Morality and Pokemon

22 Apr

Poke-mania

I’m an original pokemon junkie.

I grew up with Red and Blue, felt dissatisfied with Gold and Silver, and didn’t even bother with Sapphire and Ruby after a cursory glance through the new pokedex left me feeling glum.

It wasn’t until I started watching the cartoon series that I started to question the Pokemon universe. Even so, it wasn’t until I began writing my own Pokemon fanfic that I actually applied critical thinking to the problem.

What I realized is this : Pokemon is horrifying.

The Universe

Pokemon are “pocket monsters” – critters (large or small, cute or scary) which can be captured using the technology of a palm-sized pokeball. Once captured, the creature is kept in the ball except to be released so that it can be forced to fight against another creature (using elemental or physical attacks until such time as one or the other creature “faints”).

The creatures level up and will periodically evolve into a larger, more powerful creature – sometimes forced to do so by their “trainer” (in quotes because I’ve yet to see any real training in-game) using elemental stones.

The Cartoon

In the game, everything’s just pixels and cute little sprites – but once I saw the cartoon, I watched pokemon who didn’t want to fight, pokemon who hated being in pokeballs, pokemon who refused to listen to their masters, and pokemon BADLY injured by battles. Trainers capturing GOD pokemon and sending them into battle as easily as they might a caterpie or a weedle!

I saw trainers with the same uncaring attitude that I’d felt when playing the game – who used their pokemon for tools and thought nothing of storing unwanted pokemon in computers, or letting pokemon faint because they could just be revived again at the next town.

I also saw the relationship between pokemon and trainers who loved them. I saw true friendships and the way that pokemon and humans could build a better life for each other.

The Fanfic

I set out to write fanfic and immediately hit upon a problem – I couldn’t sympathize with a main character who would deliberately send her pokemon into meaningless battles for glory’s sake.

I thought about this problem for a long time before coming up with a solution …

… I sent her back in time.

Back to a time when there was such a thing as a wild raichu. Back to a time when towns were small and roads between them fraught with danger. A time without pokeballs and pokemon centers. A time when getting too close to a litter of nidoran would set off a bellowing, enraged nidoqueen.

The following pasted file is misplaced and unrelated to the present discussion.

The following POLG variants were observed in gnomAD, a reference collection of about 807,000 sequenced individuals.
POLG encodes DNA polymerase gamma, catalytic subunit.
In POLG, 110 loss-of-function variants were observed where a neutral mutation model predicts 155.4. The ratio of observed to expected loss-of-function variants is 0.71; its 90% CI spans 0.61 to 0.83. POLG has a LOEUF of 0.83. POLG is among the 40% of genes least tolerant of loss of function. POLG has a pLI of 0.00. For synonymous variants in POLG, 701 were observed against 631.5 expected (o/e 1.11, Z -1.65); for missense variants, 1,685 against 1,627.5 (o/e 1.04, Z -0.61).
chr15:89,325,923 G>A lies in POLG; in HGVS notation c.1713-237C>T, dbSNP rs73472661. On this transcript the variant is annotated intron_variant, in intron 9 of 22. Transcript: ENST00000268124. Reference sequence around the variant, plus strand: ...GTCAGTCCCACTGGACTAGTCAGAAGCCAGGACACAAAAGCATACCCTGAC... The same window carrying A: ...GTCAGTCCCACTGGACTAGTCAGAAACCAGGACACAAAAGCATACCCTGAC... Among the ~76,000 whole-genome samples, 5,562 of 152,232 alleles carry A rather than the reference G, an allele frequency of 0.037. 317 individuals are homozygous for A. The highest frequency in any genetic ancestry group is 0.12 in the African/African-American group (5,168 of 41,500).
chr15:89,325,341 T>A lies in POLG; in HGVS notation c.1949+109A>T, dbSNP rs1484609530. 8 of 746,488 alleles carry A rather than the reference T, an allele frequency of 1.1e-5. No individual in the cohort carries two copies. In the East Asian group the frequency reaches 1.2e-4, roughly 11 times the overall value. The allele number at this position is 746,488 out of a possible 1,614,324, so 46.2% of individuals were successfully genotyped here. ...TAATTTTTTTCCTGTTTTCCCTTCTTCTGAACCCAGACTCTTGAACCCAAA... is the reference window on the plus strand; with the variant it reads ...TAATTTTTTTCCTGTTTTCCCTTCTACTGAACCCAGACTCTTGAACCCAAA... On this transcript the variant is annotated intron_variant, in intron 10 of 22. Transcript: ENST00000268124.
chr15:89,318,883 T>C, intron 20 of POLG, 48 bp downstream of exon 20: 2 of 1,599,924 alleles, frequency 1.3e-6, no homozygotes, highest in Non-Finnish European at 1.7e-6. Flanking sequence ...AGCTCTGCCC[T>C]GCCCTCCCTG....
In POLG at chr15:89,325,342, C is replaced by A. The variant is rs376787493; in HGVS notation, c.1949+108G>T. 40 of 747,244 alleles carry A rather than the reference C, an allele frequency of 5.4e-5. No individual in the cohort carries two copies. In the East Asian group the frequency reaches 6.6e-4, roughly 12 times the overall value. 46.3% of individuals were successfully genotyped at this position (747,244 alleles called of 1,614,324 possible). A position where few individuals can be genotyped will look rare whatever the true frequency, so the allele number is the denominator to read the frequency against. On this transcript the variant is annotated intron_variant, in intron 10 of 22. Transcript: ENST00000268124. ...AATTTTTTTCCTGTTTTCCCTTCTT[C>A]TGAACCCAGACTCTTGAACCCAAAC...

And most importantly, to a time when roving gangs of outlaws with trained pokemon would raid these townships, and the only way the townsfolk could fight back was by having more powerful pokemon with their own trainers.

A time when pokemon battles meant the difference between civilization and anarchy.

That history could easily lead to the current Pokemon universe. Battles became less bloody and more of a contest. Contests for territory became contests of skill. Contests of skill became a spectator sport. Advances in technology allowed pokemon to be viewed as equipment rather than teammates.

The Games Keep On A’Comin

Formulating that history allowed me to enjoy Pokemon again, even though the newest games have some truly gag-worthy pokedexes and they STILL haven’t made the awesome Pokemon RPG that I JUST KNOW IS OUT THERE SOMEWHERE.

If they build that RPG, part of me really hopes they build it in the history that I constructed. I think I’d have a lot more fun being a pokemon HERO than being a pokemon MASTER.

Anyone Else?

Has anyone else run into any moral opposition to the Pokemon games? Felt twinges of conscience, or wondered who was gone the day some decisions were made?

Have you come up with any reasonings or justifications that work for you?

Anyone else who HAS had a crisis of conscience yet still gets a little giggly every time you see a Pikachu in a window or on a website? (Because I totally do. Guilt or no, the original pokemon had some of the cutest critters ever devised.)

Alternately, what’s your favorite pokemon? (Vulpix/Ninetails, I love you!)

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11 Responses to “Morality and Pokemon”

  1. Zachary April 26, 2011 at 9:36 am #

    That’s a great deal of thoughtfulness put into “a history of pokemon”, and I can totally see that being the back-history for the current Pokemon world.

    My brother ended up making a D&D class for someone that captured “pooka” and used them similarly, and the group had some related ethical problems.

    Oh, and summoners! Certain spellcasters can yank beings from the ether and cause them to do their will. One could claim they’re spontaneously generated from a platonic ideal rather than having a real existence elsewhere, but many descriptions of summoning (and a few humorous comics) describe them as being yanked out of another existence at your bidding. And a similar mindset prevades in that “if they’re killed, they just go back to where they came from.”

    • Tami April 26, 2011 at 9:54 am #